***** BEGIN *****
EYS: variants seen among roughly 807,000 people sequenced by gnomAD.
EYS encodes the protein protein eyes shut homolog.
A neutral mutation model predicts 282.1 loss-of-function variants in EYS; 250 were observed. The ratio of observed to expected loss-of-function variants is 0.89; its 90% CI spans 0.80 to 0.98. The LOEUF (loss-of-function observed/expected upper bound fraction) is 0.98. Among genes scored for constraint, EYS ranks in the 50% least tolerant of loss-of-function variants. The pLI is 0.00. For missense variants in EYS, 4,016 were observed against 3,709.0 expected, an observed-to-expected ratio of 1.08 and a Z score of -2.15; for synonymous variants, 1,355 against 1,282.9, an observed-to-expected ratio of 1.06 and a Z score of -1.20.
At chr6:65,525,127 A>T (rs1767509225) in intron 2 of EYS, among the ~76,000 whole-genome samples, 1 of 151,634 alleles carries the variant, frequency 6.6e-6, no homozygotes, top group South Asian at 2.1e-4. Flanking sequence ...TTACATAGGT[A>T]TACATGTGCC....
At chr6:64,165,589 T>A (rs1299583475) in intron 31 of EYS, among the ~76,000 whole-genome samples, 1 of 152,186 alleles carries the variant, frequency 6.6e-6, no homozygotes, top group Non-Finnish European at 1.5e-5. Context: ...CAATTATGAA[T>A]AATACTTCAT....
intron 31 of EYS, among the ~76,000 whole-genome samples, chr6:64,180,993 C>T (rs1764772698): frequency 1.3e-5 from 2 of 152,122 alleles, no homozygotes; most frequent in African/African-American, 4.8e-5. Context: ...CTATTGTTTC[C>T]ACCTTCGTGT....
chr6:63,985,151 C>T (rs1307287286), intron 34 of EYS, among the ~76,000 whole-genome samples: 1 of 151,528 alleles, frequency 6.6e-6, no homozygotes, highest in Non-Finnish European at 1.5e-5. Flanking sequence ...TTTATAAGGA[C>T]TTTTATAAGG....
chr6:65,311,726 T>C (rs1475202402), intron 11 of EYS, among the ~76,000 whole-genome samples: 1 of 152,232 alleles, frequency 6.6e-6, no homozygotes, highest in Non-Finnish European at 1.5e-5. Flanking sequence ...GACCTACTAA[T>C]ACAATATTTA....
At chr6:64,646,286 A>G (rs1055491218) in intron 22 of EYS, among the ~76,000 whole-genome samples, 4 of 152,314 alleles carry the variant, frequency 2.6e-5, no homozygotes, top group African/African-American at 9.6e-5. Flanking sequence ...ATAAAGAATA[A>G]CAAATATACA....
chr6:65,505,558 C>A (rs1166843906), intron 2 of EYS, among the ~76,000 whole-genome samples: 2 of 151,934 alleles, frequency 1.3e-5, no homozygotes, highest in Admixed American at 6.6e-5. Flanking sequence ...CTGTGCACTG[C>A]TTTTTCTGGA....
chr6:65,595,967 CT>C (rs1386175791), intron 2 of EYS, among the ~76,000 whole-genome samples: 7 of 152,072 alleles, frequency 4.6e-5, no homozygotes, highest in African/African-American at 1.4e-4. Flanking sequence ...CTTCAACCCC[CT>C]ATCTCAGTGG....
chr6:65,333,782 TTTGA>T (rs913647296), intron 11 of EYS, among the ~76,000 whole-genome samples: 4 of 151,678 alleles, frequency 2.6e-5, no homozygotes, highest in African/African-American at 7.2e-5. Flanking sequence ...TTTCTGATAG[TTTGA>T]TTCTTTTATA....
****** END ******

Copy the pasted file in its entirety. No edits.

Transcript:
EYS: variants seen among roughly 807,000 people sequenced by gnomAD.
EYS encodes the protein protein eyes shut homolog.
A neutral mutation model predicts 282.1 loss-of-function variants in EYS; 250 were observed. The ratio of observed to expected loss-of-function variants is 0.89; its 90% CI spans 0.80 to 0.98. The LOEUF (loss-of-function observed/expected upper bound fraction) is 0.98. Among genes scored for constraint, EYS ranks in the 50% least tolerant of loss-of-function variants. The pLI is 0.00. For missense variants in EYS, 4,016 were observed against 3,709.0 expected, an observed-to-expected ratio of 1.08 and a Z score of -2.15; for synonymous variants, 1,355 against 1,282.9, an observed-to-expected ratio of 1.06 and a Z score of -1.20.
At chr6:65,525,127 A>T (rs1767509225) in intron 2 of EYS, among the ~76,000 whole-genome samples, 1 of 151,634 alleles carries the variant, frequency 6.6e-6, no homozygotes, top group South Asian at 2.1e-4. Flanking sequence ...TTACATAGGT[A>T]TACATGTGCC....
At chr6:64,165,589 T>A (rs1299583475) in intron 31 of EYS, among the ~76,000 whole-genome samples, 1 of 152,186 alleles carries the variant, frequency 6.6e-6, no homozygotes, top group Non-Finnish European at 1.5e-5. Context: ...CAATTATGAA[T>A]AATACTTCAT....
intron 31 of EYS, among the ~76,000 whole-genome samples, chr6:64,180,993 C>T (rs1764772698): frequency 1.3e-5 from 2 of 152,122 alleles, no homozygotes; most frequent in African/African-American, 4.8e-5. Context: ...CTATTGTTTC[C>T]ACCTTCGTGT....
chr6:63,985,151 C>T (rs1307287286), intron 34 of EYS, among the ~76,000 whole-genome samples: 1 of 151,528 alleles, frequency 6.6e-6, no homozygotes, highest in Non-Finnish European at 1.5e-5. Flanking sequence ...TTTATAAGGA[C>T]TTTTATAAGG....
chr6:65,311,726 T>C (rs1475202402), intron 11 of EYS, among the ~76,000 whole-genome samples: 1 of 152,232 alleles, frequency 6.6e-6, no homozygotes, highest in Non-Finnish European at 1.5e-5. Flanking sequence ...GACCTACTAA[T>C]ACAATATTTA....
At chr6:64,646,286 A>G (rs1055491218) in intron 22 of EYS, among the ~76,000 whole-genome samples, 4 of 152,314 alleles carry the variant, frequency 2.6e-5, no homozygotes, top group African/African-American at 9.6e-5. Flanking sequence ...ATAAAGAATA[A>G]CAAATATACA....
chr6:65,505,558 C>A (rs1166843906), intron 2 of EYS, among the ~76,000 whole-genome samples: 2 of 151,934 alleles, frequency 1.3e-5, no homozygotes, highest in Admixed American at 6.6e-5. Flanking sequence ...CTGTGCACTG[C>A]TTTTTCTGGA....
chr6:65,595,967 CT>C (rs1386175791), intron 2 of EYS, among the ~76,000 whole-genome samples: 7 of 152,072 alleles, frequency 4.6e-5, no homozygotes, highest in African/African-American at 1.4e-4. Flanking sequence ...CTTCAACCCC[CT>C]ATCTCAGTGG....
chr6:65,333,782 TTTGA>T (rs913647296), intron 11 of EYS, among the ~76,000 whole-genome samples: 4 of 151,678 alleles, frequency 2.6e-5, no homozygotes, highest in African/African-American at 7.2e-5. Flanking sequence ...TTTCTGATAG[TTTGA>T]TTCTTTTATA....